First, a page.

Outsourcing application development or maintenance promises cost savings and focuses on higher-value activities unique to your business. However, assuring the quality of outsourced software code seems to be a great fear of many top executives, particularly when they intend to use offshore outsourcing services.
What if outsourcers approach offshore product development with clear, quality objectives, working closely with their offshore team to track those goals through code review and using tools to monitor code quality?
That approach seems simple, but in reality it was almost impossible to make it happen. There are many reasons code review often takes the back seat in software development projects, especially when it comes to offshoring.
What Methods Can Be Used to Monitor Code Quality?
First, let’s get back to the basics. Before thinking about monitoring code quality, it is crucial to train your development team for the code quality level you want them to achieve. Regardless of outsourcing or building in-house, a new hire that will create source code must be properly trained to produce the same quality of code as the other members.
The training process occurs in four steps:
- Training on coding convention, coding practices, and processes
- Training on architecture of the code base
- Training on hands-on coding tasks
- Closely monitor and review of all source codes the new person created (usually in the first month of performing real coding tasks)
The process above will ensure the person is trained and coding the way all team members are expected to.
Next, there are three key actions to monitor code quality through a project’s duration:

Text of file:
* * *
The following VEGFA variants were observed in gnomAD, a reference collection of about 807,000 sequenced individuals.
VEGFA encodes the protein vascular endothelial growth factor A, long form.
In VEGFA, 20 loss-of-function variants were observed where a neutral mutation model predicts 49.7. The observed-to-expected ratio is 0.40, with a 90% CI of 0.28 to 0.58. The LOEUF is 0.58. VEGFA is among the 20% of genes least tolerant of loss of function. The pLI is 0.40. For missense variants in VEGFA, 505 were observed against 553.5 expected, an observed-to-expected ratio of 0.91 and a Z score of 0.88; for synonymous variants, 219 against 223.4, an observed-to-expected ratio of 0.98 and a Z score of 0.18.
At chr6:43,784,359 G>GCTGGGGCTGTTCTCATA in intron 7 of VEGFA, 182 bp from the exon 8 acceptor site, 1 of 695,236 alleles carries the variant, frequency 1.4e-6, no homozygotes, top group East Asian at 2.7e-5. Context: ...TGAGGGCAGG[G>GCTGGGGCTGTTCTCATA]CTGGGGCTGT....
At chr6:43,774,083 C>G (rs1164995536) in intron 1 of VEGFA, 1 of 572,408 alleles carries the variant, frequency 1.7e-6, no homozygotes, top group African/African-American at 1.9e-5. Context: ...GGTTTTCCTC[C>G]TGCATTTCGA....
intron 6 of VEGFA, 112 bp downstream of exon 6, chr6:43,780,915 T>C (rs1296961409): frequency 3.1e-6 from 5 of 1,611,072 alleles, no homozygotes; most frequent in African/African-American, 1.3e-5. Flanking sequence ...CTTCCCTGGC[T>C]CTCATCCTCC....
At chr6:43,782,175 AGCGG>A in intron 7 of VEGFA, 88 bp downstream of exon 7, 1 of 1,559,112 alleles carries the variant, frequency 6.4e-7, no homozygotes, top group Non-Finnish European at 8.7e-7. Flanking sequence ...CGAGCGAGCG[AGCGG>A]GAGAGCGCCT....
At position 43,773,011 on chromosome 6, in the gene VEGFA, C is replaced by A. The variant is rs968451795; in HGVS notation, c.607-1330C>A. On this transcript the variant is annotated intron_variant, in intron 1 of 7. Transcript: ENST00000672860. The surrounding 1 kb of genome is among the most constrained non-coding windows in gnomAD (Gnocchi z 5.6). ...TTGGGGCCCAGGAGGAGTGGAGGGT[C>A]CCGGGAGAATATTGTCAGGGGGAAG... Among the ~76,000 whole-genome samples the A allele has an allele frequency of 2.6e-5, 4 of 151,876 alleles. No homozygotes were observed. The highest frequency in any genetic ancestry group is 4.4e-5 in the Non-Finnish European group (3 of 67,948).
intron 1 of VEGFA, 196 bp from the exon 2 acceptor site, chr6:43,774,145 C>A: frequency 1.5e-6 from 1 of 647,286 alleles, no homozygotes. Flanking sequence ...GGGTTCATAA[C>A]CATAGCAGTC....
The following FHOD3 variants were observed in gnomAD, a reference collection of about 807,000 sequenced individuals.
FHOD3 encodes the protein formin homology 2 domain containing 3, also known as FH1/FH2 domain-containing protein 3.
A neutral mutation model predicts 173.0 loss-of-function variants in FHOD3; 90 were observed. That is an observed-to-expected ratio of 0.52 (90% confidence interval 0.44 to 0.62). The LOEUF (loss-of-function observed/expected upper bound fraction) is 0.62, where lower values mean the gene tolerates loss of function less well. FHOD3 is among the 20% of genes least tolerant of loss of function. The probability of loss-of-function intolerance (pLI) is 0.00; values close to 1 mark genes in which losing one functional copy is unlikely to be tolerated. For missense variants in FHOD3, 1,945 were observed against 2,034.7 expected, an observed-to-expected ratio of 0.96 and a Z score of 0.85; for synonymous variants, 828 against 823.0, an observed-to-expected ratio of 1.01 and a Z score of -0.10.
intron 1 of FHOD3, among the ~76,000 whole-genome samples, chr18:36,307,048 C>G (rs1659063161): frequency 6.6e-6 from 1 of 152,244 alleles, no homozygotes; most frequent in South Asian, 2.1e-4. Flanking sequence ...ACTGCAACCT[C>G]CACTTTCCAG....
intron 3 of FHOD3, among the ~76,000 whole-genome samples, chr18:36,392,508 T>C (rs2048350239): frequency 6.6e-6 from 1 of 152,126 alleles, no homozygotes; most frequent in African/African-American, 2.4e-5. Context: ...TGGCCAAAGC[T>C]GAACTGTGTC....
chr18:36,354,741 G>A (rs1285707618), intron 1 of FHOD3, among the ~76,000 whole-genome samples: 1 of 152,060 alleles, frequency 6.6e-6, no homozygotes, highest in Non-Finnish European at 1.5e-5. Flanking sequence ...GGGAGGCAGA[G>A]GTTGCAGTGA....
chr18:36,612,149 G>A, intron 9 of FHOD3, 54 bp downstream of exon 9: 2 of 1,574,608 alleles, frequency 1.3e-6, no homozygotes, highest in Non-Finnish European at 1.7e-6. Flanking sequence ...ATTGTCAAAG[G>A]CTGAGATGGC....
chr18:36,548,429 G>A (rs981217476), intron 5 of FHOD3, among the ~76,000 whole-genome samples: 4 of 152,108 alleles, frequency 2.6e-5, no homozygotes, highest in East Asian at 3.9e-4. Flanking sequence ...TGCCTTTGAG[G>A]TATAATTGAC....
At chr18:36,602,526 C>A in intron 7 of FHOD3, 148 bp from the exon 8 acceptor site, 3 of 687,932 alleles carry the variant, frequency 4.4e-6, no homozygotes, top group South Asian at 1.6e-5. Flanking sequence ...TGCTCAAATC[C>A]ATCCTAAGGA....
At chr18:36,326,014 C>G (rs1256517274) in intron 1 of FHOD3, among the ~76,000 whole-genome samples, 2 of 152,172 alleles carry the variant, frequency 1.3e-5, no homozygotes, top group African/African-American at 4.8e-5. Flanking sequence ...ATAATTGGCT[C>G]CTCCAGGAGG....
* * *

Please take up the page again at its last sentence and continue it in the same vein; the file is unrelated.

- Regular code review to make sure every member is keeping up the applied practices
- Continuously scan source code (by using code analyzing tools) to find coding issues
- Encourage unit tests and monitor the test coverage
Suggested Tools For Reviewing Code
Code review does take time and may inhibit the team’s quick project timeline, but as more project members are added, it becomes necessary. The main reason some developers are still unwilling to do code reviews is that they feel the benefit of improved code quality against the pain and time conducting it just isn’t worth it. Imagine how long it takes to extract another team member’s code from source control, print it out, highlight the issues, and then bring the findings to a meeting for discussion with other people.
Using code review tools can help facilitate and manage the process while speeding up the time for doing so. There are now software tools for peer code review that solve above issues of collaboration and source control system integration.
Here are three recommended tools:
- Code review tool: Crucible
- Static code analyzers: Checkstyle or Sonar
- Unit test coverage: Sonar
How Can You Maintain Code Quality With Offshore Teams?
At the beginning of your outsource engagement, provide the offshore team with the coding convention your team is trained on. From day one, have your team do code reviews of every line of code written by the offshore team for the first month of the project. Often, this is enough time to get the team trained to produce the quality you expect.
Once you feel confident that your offshore team is well trained in your coding convention, the code review task can easily be passed to an offshore team lead. That person should be charged with training new members of the team and periodically reviewing code to ensure that quality is maintained.
In engagements with our clients, Checkstyle is often configured in each developer’s IDE and it can report any non-conformed code. Sonar is installed both offshore and onshore to scan source code for potential problems, as well as run and report unit test execution and coverage.
Additionally, all team members are encouraged to raise issues they find in the code, or to refactor areas that they work on to improve the quality. We still assign a software architect from our clients to do random code reviews to make sure the team continues to maintain the high quality of their code.
By applying the practices above, you can be certain that both your onshore and offshore teams are writing code that is consistent in quality. Putting systems in place now allows you to expand your team as the project grows and achieve better end results in your product.